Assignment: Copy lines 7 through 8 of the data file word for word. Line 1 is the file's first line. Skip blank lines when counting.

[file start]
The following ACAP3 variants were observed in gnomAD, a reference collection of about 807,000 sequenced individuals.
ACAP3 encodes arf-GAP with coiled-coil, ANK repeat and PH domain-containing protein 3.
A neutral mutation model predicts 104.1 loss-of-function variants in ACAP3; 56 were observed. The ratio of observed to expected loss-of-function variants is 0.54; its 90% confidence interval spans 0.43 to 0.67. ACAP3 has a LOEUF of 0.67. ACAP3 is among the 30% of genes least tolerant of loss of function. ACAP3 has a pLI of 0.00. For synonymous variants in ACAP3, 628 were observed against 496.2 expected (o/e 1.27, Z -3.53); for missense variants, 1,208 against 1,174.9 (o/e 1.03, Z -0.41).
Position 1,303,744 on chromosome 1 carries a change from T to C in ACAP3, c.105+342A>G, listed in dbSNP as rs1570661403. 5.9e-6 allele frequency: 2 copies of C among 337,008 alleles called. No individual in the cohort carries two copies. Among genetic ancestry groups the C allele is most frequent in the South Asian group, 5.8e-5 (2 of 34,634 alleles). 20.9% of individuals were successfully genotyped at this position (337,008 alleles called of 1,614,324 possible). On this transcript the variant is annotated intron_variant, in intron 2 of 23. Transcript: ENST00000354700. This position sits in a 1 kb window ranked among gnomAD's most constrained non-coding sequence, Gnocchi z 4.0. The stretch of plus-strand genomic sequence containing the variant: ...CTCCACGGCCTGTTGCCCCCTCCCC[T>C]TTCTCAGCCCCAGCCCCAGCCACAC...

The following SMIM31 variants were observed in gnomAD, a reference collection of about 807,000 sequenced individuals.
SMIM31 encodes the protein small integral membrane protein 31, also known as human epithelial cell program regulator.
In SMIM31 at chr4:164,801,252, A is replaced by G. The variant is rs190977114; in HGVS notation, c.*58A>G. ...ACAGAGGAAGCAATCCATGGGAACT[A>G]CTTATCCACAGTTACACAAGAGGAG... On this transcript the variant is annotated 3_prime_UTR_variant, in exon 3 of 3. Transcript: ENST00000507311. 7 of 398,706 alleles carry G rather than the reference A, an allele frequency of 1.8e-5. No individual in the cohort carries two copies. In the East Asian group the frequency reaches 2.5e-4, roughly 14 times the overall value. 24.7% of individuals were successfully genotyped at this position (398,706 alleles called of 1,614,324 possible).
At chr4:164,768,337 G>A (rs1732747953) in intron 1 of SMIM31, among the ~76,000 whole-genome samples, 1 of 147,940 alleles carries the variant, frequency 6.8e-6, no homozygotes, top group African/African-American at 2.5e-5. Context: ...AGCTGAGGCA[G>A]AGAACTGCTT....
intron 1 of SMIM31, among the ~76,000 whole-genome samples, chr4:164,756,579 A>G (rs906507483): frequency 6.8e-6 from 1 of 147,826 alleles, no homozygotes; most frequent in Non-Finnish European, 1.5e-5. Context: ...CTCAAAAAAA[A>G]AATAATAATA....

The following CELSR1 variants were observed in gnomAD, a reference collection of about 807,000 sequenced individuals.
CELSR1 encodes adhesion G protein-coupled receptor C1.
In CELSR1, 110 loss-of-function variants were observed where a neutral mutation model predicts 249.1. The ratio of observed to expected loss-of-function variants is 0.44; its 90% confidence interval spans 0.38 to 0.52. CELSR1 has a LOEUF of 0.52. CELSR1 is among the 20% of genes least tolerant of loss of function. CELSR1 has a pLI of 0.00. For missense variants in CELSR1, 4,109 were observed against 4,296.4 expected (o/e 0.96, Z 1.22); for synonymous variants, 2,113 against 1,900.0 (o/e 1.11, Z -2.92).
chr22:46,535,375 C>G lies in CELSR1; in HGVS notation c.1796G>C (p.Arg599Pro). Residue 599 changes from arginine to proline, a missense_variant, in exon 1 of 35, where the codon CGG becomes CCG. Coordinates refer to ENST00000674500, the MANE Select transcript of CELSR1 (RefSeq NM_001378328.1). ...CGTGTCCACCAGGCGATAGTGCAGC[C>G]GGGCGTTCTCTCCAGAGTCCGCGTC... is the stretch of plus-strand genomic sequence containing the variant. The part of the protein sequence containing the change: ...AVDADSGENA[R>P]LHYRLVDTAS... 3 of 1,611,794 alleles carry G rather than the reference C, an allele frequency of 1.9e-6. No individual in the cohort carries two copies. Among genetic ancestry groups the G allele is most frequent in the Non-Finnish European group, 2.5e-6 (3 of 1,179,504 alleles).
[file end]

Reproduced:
In SMIM31 at chr4:164,801,252, A is replaced by G. The variant is rs190977114; in HGVS notation, c.*58A>G. ...ACAGAGGAAGCAATCCATGGGAACT[A>G]CTTATCCACAGTTACACAAGAGGAG... On this transcript the variant is annotated 3_prime_UTR_variant, in exon 3 of 3. Transcript: ENST00000507311. 7 of 398,706 alleles carry G rather than the reference A, an allele frequency of 1.8e-5. No individual in the cohort carries two copies. In the East Asian group the frequency reaches 2.5e-4, roughly 14 times the overall value. 24.7% of individuals were successfully genotyped at this position (398,706 alleles called of 1,614,324 possible).
At chr4:164,768,337 G>A (rs1732747953) in intron 1 of SMIM31, among the ~76,000 whole-genome samples, 1 of 147,940 alleles carries the variant, frequency 6.8e-6, no homozygotes, top group African/African-American at 2.5e-5. Context: ...AGCTGAGGCA[G>A]AGAACTGCTT....